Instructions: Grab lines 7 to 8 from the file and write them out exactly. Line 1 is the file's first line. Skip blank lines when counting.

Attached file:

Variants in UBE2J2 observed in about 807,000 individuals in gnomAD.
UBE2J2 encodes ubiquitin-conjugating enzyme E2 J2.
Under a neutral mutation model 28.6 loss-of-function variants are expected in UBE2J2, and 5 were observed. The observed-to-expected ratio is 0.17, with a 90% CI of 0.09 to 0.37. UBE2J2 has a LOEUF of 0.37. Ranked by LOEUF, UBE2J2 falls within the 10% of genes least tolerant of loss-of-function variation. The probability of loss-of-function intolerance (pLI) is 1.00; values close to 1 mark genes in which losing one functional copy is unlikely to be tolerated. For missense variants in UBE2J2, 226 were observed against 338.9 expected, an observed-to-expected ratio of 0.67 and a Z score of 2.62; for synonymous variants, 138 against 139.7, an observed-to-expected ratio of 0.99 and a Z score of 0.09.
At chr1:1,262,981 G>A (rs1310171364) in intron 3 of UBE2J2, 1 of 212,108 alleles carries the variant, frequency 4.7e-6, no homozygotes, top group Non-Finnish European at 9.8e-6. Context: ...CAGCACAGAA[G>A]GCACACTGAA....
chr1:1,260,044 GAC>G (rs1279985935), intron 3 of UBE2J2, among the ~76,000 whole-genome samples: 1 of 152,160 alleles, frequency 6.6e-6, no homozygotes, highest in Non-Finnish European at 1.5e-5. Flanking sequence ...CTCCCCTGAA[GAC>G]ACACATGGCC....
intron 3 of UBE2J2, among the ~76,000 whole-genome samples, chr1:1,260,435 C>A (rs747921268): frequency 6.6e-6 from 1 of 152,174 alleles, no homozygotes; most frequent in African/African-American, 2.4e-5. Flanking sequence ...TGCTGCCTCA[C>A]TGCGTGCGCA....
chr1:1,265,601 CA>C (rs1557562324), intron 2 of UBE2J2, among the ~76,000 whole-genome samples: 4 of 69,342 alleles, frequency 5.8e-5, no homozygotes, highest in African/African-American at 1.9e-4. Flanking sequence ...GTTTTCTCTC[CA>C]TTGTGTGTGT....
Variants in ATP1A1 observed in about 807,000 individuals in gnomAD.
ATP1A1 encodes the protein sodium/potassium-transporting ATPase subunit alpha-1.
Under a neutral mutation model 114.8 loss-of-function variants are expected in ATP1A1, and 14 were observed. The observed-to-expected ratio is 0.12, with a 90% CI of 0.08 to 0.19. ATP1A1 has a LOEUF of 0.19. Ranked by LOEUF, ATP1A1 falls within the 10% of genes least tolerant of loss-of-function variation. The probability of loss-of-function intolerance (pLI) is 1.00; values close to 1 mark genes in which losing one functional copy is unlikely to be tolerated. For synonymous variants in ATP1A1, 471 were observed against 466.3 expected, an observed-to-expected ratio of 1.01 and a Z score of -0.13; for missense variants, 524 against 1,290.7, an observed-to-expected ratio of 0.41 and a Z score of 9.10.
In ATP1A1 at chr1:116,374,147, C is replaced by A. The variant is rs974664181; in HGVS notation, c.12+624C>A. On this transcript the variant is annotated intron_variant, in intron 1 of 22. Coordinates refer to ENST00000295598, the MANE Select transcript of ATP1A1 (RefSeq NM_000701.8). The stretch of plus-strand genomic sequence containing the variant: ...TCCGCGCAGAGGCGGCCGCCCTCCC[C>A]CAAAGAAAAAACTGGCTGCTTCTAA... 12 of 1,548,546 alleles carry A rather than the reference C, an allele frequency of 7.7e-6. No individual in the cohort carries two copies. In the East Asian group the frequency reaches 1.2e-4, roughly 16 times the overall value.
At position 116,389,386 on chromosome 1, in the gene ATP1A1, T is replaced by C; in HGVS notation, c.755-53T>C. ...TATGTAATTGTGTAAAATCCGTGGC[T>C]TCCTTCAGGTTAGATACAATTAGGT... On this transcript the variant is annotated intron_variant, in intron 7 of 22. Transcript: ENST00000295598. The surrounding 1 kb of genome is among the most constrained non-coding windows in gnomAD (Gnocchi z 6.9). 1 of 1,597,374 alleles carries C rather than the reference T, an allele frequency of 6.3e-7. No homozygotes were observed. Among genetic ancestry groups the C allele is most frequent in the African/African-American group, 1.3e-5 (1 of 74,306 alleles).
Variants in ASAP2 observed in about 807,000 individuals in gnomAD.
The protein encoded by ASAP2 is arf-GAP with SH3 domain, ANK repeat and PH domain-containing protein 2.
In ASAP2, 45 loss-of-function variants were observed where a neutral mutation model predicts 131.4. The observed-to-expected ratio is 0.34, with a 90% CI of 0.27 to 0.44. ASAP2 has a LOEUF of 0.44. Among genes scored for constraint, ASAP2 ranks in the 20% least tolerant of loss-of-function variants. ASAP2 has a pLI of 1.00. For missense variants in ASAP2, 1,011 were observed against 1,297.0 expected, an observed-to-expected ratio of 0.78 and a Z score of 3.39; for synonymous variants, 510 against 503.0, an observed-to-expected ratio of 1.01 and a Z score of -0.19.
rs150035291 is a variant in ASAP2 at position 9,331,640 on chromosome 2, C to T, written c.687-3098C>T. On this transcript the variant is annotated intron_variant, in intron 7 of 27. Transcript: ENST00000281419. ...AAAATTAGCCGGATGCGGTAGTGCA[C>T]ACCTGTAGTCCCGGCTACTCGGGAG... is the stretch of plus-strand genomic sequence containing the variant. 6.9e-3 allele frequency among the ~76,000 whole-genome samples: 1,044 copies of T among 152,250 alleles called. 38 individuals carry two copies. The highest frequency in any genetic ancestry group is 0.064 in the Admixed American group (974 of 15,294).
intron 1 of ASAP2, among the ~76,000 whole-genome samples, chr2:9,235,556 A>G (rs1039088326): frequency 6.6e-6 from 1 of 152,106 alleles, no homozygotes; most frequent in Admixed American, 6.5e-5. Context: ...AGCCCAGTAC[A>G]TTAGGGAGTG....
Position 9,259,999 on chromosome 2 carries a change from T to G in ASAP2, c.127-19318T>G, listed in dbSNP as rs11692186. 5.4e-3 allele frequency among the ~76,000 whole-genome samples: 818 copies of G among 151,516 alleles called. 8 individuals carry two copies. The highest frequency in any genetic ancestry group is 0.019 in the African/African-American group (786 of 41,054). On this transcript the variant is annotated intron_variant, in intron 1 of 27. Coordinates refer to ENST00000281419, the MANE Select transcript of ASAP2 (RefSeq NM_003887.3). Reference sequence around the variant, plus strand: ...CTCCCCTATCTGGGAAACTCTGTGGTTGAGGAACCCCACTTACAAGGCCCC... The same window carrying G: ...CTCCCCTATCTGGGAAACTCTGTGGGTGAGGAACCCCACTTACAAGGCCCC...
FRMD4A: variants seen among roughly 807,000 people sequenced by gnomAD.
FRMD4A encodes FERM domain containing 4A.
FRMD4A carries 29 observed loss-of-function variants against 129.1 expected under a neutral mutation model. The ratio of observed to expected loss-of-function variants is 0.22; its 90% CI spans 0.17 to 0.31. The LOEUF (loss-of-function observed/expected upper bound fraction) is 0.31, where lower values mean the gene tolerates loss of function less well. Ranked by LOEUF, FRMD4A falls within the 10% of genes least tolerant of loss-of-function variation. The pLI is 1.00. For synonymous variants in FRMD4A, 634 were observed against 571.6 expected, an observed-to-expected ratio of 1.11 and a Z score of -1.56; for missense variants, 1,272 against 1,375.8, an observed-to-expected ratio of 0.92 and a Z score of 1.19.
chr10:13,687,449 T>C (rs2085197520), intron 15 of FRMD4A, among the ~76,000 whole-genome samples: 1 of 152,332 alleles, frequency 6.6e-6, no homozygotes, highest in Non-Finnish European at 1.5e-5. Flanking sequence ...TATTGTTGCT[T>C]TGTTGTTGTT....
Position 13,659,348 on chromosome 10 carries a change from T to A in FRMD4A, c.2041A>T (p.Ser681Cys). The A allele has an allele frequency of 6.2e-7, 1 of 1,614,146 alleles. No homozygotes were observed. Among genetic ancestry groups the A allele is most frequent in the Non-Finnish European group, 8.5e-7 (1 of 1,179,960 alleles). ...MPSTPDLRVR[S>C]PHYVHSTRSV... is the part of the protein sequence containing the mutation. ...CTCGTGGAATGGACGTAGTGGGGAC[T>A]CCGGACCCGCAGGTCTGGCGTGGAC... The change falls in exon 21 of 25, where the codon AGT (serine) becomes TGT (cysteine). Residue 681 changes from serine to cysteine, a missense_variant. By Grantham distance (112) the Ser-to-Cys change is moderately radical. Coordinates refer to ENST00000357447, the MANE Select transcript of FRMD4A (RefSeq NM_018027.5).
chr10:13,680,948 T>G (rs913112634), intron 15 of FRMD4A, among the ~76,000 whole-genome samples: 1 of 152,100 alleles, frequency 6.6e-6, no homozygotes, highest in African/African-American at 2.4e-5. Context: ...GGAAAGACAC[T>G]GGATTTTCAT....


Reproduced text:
chr1:1,265,601 CA>C (rs1557562324), intron 2 of UBE2J2, among the ~76,000 whole-genome samples: 4 of 69,342 alleles, frequency 5.8e-5, no homozygotes, highest in African/African-American at 1.9e-4. Flanking sequence ...GTTTTCTCTC[CA>C]TTGTGTGTGT....
Variants in ATP1A1 observed in about 807,000 individuals in gnomAD.